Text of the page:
anticyclonic, like 1991-92 was.

    What I would say, however, is this. Whatever the underlying trend in the

    world climate, there is absolutely no reason at all why the synoptic

    patterns which produced famous cold winters like 1947 and 1963 couldn't

    happen again. And a winter with a mean temperature one or two degrees

    higher than 1963 would still be a very cold and very snowy one. My

    money's on 2007-8.

    5) What do you find to be the biggest factor in producing a cold

    Winter in the UK? Northern Hemisphere snow cover? Solar activity? NAO?

    Ah, well I suppose I've just answered that. Snow cover over northern

    and central Europe is, of course, very important because that reduces

    the temperature of the lowest layer of the atmosphere ... and the really

    long winters have all been easterly, not northerly. I have not seen any

    research that persuades me that the variability in solar output has any

    impact on the synoptic patterns which produce our coldest weather. It is

    a branch of meteorology which has suffered severely over the last 75

    years from being peopled by oddballs.

    Now, the NAO. It's important to remember that the NAO is simply an index

    of the strength of the circulation in our part of the hemisphere. It

    doesn't have a life of its own. The NAO index is a result of the

    sequence of synoptic patterns which make up a month, or a season, or a

    year, not the other way round. The synoptic patterns do not happen

    *because* the NAO is positive or negative; the NAO is positive or

    negative *because* of the synoptic patterns. On that basis, a very cold

    winter will inevitably be associated with a negative NAO index, but the

    NAO didn't cause the cold winter.

    6) What did you make of the breaking of 100F this summer? A one-off

    synoptic situation? Climate change?

    Both, I suspect, although I don't *know* any more than anyone else does.

    Recent research has shown that extreme high temperatures in the UK are

    increasing at a rate of 0.7 degC per century. The 1990 record was 0.4

    degC higher than the previous record in 1911, that's a rate of 0.5 degC

    per century. But the 2003 record was 1.5 degC higher than the 1990, and

    that's a rate of 11 degC per century!!!!! So I think that the synoptic

    detail had a considerable input on this occasion. I happened to be in

    France during that heatwave, and we had 11 straight days between 37 and

    40ºC with night minus around 22-24ºC. It was an endurance rather than a

    holiday, and I can quite understand why so many people died from the

    heat there.

    7) Who do you most look up to in the feild of meteorology/climatoligy,

    and why?

    The people I most look up to are long dead, so I can spare their blushes

    by naming them. Victorian trail-blazers like G.J Symons and James

    Glaisher I have immense admiration for ... they set up climatological

    networks, Symons's rainfall network was over 5000 strong (all voluntary

    observers) by the time he kicked the bucket, and he administered it,

    analysed the data (all by hand, remember, in those days), and published

    an annual volume, for over 40 years. In the 20th century I have tried to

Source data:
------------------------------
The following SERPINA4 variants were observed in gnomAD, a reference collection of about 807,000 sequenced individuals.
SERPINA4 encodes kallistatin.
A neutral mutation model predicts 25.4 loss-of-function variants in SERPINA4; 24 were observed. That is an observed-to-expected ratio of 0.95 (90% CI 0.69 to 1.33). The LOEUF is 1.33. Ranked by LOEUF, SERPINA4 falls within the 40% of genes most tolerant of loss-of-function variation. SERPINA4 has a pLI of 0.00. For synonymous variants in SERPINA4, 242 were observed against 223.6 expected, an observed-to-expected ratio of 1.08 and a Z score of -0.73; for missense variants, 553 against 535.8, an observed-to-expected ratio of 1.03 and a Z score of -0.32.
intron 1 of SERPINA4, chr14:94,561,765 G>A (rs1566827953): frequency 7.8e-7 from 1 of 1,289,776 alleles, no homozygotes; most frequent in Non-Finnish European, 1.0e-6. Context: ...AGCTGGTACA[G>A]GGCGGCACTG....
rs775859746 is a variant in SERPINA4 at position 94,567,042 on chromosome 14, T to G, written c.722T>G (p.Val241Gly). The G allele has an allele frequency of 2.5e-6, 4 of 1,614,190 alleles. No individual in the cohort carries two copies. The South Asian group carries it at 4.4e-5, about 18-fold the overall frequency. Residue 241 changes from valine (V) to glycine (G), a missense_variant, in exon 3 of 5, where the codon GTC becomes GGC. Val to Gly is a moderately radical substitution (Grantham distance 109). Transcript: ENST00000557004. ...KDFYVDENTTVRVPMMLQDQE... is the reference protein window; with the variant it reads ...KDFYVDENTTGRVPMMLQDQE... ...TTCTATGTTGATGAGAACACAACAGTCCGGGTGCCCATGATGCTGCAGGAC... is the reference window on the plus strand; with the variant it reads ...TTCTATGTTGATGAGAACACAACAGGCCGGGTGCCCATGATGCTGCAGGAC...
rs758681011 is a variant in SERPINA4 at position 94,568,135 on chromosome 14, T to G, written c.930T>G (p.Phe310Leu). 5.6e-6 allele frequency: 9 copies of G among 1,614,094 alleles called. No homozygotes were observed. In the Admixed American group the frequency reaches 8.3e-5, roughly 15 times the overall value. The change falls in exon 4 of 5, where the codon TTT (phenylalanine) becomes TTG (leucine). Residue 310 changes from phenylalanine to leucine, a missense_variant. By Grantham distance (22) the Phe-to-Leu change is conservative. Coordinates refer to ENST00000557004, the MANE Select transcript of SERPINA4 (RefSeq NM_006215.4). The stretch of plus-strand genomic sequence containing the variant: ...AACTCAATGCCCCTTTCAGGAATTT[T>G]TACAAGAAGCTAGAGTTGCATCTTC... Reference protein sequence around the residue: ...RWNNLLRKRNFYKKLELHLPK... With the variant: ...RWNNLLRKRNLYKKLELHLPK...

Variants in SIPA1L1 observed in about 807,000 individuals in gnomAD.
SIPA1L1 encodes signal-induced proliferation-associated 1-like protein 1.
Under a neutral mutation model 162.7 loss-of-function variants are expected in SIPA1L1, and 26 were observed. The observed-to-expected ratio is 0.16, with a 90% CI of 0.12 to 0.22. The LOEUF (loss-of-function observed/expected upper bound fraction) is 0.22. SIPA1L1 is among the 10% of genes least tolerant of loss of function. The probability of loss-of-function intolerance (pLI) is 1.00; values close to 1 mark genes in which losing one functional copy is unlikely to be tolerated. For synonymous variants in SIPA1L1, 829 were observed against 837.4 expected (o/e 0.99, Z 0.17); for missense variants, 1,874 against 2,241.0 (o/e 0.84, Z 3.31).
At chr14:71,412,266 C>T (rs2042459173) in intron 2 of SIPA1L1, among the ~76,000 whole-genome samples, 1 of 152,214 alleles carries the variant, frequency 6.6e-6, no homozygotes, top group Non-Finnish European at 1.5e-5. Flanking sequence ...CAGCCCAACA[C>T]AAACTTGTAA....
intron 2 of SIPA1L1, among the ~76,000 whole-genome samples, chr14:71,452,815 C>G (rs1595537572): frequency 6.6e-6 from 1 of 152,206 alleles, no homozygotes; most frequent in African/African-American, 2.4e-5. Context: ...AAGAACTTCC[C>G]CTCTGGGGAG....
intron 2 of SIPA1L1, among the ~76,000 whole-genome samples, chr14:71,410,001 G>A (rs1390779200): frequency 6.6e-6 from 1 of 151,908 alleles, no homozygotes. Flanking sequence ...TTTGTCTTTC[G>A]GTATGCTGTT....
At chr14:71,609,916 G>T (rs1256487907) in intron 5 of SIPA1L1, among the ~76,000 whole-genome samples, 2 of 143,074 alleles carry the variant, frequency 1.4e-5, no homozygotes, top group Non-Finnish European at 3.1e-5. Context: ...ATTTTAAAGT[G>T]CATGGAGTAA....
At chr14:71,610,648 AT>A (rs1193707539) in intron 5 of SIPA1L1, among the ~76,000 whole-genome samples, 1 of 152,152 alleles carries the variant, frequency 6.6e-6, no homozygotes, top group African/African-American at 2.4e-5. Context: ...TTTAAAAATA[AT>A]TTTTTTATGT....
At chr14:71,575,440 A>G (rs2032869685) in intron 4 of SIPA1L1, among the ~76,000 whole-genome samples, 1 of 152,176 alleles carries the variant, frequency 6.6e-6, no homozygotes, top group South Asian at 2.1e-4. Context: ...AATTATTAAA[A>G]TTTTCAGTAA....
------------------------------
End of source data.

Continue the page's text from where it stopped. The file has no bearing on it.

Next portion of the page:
follow in the footsteps of Hubert Lamb and especially Gordon Manley,

    both superb writers on the subject, and also meticulous collaters and

    analysers of data. If any of these people had had computers to help with

    their work they would have been able to do so much more. If you've

    never heard of any of these guys, you should really spend one of those

    long winter weekends researching them -- they led fascinating lives and

    should be an inspiration to anyone interested in our weather and

    climate. As far as doing the weather on the radio is concerned, if I

    needed any advice there was only one person I would turn to, and that

    was Jack Scott, who, by the way, is still very much alive. Younger

    readers may not remember him ... he was the chief BBC telly forecaster

    from about 1967 to 1983, and went on to Thames TV until about 1988.

    Best regards

    Philip Eden

    Philip's book's can be found on amazon, some title's include:

    The Daily Telegraph Book of the Weather (New Century)

    Weatherwise: The "Sunday Telegraph" Companion to the British Weather


    Weather Facts (DK Pockets)



    These links can (hopefully!) be used to access information on them.

    I would like to thank Philip for the time and effort he has put in for this interview....a round of applause for Philip Eden!


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  • Location: North-East Midlands
  • Location: North-East Midlands

    Well done du_snow and Phillip Eden for putting together such a great interview. Great thoughts, and very good questions! Hopefully we will keep getting more and more new facinating interviews.... Has anything been lined up???

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  • Location: south wales 200m asl
  • Location: south wales 200m asl

    Glad you liked it guys :D

    I havent got anyone lined up atm, but Im working on a few. ChaserUK has got Gary England for an interview, but he's busy atm with other things :)

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  • Location: lootons, bedfordshires, somewheres in SE Englands & E Anglia
  • Location: lootons, bedfordshires, somewheres in SE Englands & E Anglia

    gufaaaaaawwwwwwwwww mr sledgerholics! u is cracks ups! maybe u is should do those interviews eh? gufaawwwwwww!

    well dones du snows!! me glad u is asked the 'winter will be likes' questions! u is should puts that right at top of interview!! :D